How Will Driverless Cars Reshape the Economy?
PITTSBURGH — While self-parking cars have been around for a few years, autonomous cars that essentially drive themselves without human input were relegated to science fiction until fairly recently.
One look at the news makes it clear that science fiction is not far from becoming fact. The timetable for working autonomous vehicles keeps shrinking as companies race to beat the competition in delivering this technology.
How will self-driving cars change our economy and, by extension, our lives?
“I look at it through the pros and cons,” said PNC economist Mekael Teshome. “There will be unintended consequences, both good and bad, that we can’t see now. But there also will be opportunity.”
Features of autonomous cars are already commonplace. Some cars can self-park; others won’t let drivers change lanes if an oncoming car is too close. Still others use adaptive cruise control that changes the speed of your car to match the car in front of you.
In fact, the technology is developing so rapidly that state legislatures all over the country are considering legislation to regulate autonomous cars. Nevada was the first state to authorize the operation of autonomous vehicles in 2011. Since then, 20 other states have passed legislation related to the self-driving vehicles, according to the National Conference of State Legislatures.
Teshome says a society dependent on autonomous cars is coming and getting closer to reality. “It’s going to sneak up sooner than we think,” he says.
He outlined what to consider in terms of the impact of driverless cars on the economy and communities:
Commutes and productivity. Teshome says productivity will increase because traffic flow will be faster and smoother during rush hour. The roads will be effectively clear of accidents, as autonomous vehicles will “talk” to each other to avoid collisions.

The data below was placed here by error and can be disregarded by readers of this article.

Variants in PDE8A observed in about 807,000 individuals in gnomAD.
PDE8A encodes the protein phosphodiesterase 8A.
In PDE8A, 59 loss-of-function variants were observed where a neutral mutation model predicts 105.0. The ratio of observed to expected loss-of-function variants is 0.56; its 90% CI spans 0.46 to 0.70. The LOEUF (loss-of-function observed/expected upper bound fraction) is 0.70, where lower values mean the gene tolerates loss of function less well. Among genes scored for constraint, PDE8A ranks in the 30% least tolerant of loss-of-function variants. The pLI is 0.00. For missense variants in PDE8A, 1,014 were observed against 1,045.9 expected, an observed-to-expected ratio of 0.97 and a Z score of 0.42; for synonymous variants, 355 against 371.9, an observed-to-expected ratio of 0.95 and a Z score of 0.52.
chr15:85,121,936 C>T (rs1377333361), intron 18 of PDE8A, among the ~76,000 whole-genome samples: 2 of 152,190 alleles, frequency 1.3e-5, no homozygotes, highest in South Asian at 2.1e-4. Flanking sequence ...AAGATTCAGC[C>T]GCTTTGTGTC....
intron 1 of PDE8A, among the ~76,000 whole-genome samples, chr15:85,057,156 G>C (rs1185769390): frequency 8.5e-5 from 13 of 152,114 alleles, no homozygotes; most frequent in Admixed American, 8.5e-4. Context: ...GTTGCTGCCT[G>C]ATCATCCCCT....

Savings. Most autonomous cars will be electric and use less fuel. These cars will be lighter and could travel greater distances without much downtime for maintenance.
Improved elderly/disabled mobility. Millions of people don’t drive in this country because of age-related issues or a disability. Think of what a life-changer it would be if autonomous vehicles could transport people who cannot drive or take public transportation.
Space. People may migrate back to cities that feature newly open vistas no longer congested with parked cars. Conversely, people could move out of cities and into rural areas if their commutes are quick, efficient and productive.
Jobs. Some jobs, such as truck driver and taxi driver, could eventually go away. Other jobs, such as high-skilled mechanics and data mining and security experts, could become more plentiful.
“We can’t conceive of all of the possibilities now,” Teshome cautions. In the horse and carriage days, “who knew someday there would be a job delivering pizza?”
Cost of goods. Lower transportation costs and more efficient deliveries could mean lower costs for goods.
Safety. Accidents should drop significantly, because distracted driving and driver errors will no longer cause crashes. This can impact everything from insurance rates to auto body shops and personal injury lawyers. Most experts say driverless cars have the potential to save tens of thousands of lives in the U.S. each year, and millions worldwide.
Passive income. Teshome says we may earn extra income by having our autonomous cars run errands for people or drive them around while we’re at work.
SOURCE: PNC Bank.
The Business Journal: Oct. 20, 2017:
Cars Not Driverless Yet, but Not Far Off
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